William Barr
William Barr Image Credit: Bloomberg

WASHINGTON: Attorney General William Barr has assigned the top federal prosecutor in Connecticut to examine the origins of the Russia investigation, according to two people familiar with the matter, a move that President Donald Trump has long called for but that could anger law enforcement officials who insist that scrutiny of the Trump campaign was lawful.

John H. Durham, the US attorney in Connecticut, has a history of serving as a special prosecutor investigating potential wrongdoing among national security officials, including the FBI’s ties to a crime boss in Boston and accusations of CIA abuses of detainees.

His inquiry is the third known investigation focused on the opening of an FBI counterintelligence investigation during the 2016 presidential campaign into possible ties between Russia’s election interference and Trump associates.

The department’s inspector general, Michael E. Horowitz, is separately examining investigators’ use of wiretap applications and informants and whether any political bias against Trump influenced investigative decisions. And John W. Huber, the US attorney in Utah, has been reviewing aspects of the Russia investigation. His findings have not been announced.

Additionally on Capitol Hill, Senator Lindsey Graham, Republican-South Carolina, chairman of the Senate Judiciary Committee, has said he, too, intends to review aspects of law enforcement’s work in the coming months. And Republicans conducted their own inquiries when they controlled the House, including publicising details of the FBI’s wiretap use.

Thomas Carson, a spokesman for Durham’s office, declined to comment, as did a spokeswoman for the Justice Department. “I do have people in the department helping me review the activities over the summer of 2016,” Barr said in congressional testimony May 1, without elaborating.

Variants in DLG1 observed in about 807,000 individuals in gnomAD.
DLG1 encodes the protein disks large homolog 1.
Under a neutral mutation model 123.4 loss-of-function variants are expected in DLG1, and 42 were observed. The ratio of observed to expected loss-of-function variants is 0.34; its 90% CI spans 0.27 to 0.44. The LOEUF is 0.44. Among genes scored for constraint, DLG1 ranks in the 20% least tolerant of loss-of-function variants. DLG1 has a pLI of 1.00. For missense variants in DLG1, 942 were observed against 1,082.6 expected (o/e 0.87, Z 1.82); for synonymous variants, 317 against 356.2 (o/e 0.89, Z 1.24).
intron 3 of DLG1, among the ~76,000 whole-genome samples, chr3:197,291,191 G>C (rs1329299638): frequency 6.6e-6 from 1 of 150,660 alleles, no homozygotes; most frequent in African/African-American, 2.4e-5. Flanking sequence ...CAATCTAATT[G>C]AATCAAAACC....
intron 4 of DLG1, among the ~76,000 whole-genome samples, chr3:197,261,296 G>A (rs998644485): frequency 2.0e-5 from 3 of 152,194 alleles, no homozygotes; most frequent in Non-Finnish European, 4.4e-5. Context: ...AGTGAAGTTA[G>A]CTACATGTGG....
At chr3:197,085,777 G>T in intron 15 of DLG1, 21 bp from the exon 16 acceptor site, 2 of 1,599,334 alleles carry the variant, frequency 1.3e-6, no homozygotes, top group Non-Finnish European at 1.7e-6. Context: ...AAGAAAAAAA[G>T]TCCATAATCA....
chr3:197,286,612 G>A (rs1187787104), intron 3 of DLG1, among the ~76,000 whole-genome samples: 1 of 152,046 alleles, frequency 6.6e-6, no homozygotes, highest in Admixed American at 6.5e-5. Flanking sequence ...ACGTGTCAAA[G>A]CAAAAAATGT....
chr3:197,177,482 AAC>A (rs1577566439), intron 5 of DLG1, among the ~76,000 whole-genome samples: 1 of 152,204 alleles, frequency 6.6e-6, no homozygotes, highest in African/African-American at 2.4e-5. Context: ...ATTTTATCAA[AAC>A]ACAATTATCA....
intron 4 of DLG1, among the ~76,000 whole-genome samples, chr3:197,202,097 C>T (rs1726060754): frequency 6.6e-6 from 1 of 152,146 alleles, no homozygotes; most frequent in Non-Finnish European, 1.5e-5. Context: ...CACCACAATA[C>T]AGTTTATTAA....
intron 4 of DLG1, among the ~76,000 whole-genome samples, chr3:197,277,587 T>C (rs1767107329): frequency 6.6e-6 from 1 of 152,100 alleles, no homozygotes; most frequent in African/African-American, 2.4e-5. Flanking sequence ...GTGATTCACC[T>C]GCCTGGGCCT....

Durham, who was nominated by Trump in 2017 and has been a Justice Department lawyer since 1982, has conducted special investigations under administrations of both parties. Attorney General Janet Reno asked Durham in 1999 to investigate the FBI’s handling of a notorious informant: organised crime leader James ‘Whitey’ Bulger.

In 2008, Attorney General Michael Mukasey assigned Durham to investigate the CIA’s destruction of videotapes in 2005 showing the torture of terrorism suspects. A year later, Attorney General Eric Holder expanded Durham’s mandate to also examine whether the agency broke any laws in its abuses of detainees in its custody.

Barr has signalled his concerns about the Russia investigation during congressional testimony, particularly the surveillance of Trump associates. “I think spying did occur,” he said. “The question is whether it was adequately predicated. And I’m not suggesting that it wasn’t adequately predicated. But I need to explore that.”

His use of the term “spying” to describe court-authorised surveillance aimed at understanding a foreign government’s interference in the election touched off criticism that he was echoing politically charged accusations by Trump and his Republican allies that the FBI unfairly targeted the Trump campaign.